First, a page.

We’ve all heard facts about water. The human body is made of 70% water. You can’t live without water for more than three days.
The bottom line is that water is essential to the human body. However, obtaining clean, drinking water is in a whole other ballpark. Many people in third-world countries struggle with this dilemma and get sick with diseases such as cholera, dysentery, typhoid, and polio.
That’s where wells come into play. Well water can be used for a wide variety of purposes, from livestock watering and chemical spraying to drinking water. Knowing the suitability of your well water for your needs is a critical component in making the correct decision as to how to test your well water.
During the process of buying a home with a well, some lenders will require the water to be tested for potability. The FHA (Federal Housing Administration) and VA (Veterens Affairs) are two lending institutions that will require this as part of the loan process.
After reading this article, you should know how to tell your well water is safe.
Well Water Quality
As mentioned earlier, knowing what you are going to use your well water for is the first component in your well water assessment. After this, it’s time to know what to test for. While different risks exist for varied living areas, making sure to test for the following risks is critical:
- Potability - one of the most comprehensive tests available. This test checks for nitrates, pH levels, iron, manganese, and more.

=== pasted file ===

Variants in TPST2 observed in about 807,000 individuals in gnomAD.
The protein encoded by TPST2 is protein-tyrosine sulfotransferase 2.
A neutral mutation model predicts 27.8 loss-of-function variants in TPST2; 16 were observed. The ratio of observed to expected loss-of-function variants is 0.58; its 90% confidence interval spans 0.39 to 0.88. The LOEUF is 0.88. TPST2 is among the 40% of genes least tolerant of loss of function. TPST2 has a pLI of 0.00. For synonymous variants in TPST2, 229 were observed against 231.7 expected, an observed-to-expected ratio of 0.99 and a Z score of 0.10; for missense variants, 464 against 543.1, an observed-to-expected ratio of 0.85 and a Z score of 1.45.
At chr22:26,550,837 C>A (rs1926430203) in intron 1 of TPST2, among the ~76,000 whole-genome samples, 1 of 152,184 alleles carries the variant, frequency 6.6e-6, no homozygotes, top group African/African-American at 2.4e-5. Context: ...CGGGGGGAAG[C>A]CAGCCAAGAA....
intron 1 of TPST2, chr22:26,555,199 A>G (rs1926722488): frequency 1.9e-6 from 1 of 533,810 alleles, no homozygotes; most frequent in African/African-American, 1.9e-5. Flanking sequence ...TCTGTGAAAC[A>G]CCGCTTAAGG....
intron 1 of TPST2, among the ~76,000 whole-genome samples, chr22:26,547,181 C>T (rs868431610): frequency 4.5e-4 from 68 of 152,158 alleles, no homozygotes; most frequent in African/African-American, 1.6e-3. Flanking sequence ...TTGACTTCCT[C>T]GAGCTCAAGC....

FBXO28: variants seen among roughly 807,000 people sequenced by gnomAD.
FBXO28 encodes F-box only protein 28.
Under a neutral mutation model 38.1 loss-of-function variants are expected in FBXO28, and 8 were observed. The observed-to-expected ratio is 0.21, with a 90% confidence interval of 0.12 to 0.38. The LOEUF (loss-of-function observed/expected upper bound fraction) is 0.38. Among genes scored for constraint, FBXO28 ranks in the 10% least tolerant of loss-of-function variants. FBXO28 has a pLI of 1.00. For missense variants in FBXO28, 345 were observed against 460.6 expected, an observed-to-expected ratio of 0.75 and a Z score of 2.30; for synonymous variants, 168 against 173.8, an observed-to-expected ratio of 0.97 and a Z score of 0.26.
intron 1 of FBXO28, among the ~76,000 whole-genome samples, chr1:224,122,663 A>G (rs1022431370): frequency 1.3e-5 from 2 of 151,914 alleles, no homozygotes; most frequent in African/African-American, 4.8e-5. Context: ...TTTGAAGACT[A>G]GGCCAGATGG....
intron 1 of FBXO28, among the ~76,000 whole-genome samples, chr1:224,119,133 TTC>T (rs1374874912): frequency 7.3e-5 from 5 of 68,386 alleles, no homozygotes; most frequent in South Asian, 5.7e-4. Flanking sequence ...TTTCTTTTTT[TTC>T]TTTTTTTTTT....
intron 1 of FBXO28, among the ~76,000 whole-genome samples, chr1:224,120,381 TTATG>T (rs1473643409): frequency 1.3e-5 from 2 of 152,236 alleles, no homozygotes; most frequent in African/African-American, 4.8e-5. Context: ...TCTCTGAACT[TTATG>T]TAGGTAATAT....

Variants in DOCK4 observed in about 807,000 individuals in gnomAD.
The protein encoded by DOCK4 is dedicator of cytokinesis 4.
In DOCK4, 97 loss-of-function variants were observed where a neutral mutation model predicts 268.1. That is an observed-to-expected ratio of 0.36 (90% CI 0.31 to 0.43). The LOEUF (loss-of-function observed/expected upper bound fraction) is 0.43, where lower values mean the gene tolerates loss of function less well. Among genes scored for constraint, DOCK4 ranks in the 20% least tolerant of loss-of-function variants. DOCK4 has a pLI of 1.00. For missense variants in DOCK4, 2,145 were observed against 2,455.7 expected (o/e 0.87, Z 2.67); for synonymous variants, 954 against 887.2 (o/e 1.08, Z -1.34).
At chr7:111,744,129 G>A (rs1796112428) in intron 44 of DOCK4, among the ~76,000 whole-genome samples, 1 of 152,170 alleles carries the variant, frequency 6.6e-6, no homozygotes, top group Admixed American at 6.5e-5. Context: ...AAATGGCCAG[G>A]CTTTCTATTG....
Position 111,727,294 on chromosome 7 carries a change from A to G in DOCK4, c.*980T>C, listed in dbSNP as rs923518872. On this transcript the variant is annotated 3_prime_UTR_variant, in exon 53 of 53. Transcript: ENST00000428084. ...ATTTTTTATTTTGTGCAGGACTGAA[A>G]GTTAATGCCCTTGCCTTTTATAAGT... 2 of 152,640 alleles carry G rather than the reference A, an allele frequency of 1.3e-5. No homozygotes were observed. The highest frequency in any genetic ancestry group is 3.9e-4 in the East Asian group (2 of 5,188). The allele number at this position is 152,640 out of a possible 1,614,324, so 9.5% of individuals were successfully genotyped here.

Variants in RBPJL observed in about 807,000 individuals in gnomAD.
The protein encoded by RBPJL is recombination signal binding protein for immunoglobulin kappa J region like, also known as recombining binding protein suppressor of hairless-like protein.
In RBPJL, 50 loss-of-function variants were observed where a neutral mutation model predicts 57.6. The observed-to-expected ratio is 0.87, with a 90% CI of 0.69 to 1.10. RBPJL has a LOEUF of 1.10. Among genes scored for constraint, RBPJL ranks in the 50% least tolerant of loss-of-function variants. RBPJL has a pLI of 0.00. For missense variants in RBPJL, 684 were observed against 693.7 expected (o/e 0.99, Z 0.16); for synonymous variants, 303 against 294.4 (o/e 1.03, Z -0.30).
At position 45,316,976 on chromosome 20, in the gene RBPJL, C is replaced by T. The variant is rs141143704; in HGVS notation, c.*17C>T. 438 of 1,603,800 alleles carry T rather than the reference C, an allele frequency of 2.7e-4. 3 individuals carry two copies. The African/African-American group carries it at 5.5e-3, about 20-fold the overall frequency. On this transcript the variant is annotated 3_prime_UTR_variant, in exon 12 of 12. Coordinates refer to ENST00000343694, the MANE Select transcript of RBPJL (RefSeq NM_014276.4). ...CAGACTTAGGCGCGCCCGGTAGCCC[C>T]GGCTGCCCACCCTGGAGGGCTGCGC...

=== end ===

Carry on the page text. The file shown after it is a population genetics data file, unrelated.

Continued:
- Coliform bacteria - comes from animal digestive tracts and is often found in waste. Harmful variations such as the E. coli 0157: H7 can be dangerous to human health.
- Nitrate - commonly found in groundwater. Can pose threats to babies who are under 6 months since nitrates interfere with the ability of blood to carry oxygen.
- Ions - include sodium, iron, chloride, which can impact the taste and smell of water
- Sulfate - can act as a laxative which leads to dehydration
- Fluoride - can lead to long-term dental and thyroid issues
- TDS (total dissolved solids) - don’t pose any health risks related to drinking water but can corrode pipes faster than usual and impact other uses like washing clothes.
- Others - specific potability tests can test for dangerous compounds like arsenic and uranium.
While this extensive list can seem intimidating, it should motivate you to run tests on your well water. Hopefully, these tests have shown you how serious it is to have clean drinking water.
How to Test?
Testing well water in regular increments ensures that you know what you’re drinking. After all, you are what you drink.
The minimum time increment for well water tests is once per year. If you have a shallow well, a regular seasonal test is recommended as well since these are more inclined towards contamination.
Testing the right source is also equally important. The tap and the source are the two locations to test. Doing so will make sure your treatment system is working correctly.
Where to Test?
Here at Central Florida Building Inspectors, we proudly provide well water testing for homeowners and for homebuyers. Have one of our certified home inspectors visit your property and collect the water and deliver it to a qualified laboratory. The results will be available in a few days for most tests but can take up to 2 weeks depending on the type of well water analysis.
Getting in touch with a building inspector can get you connected to credible water testing providers.
Closing the Tap
There you have it! Checking your well water quality doesn’t have to be hard. As you follow these tips, you should be good to go.
For all your other inspection service needs, make sure to check our website out.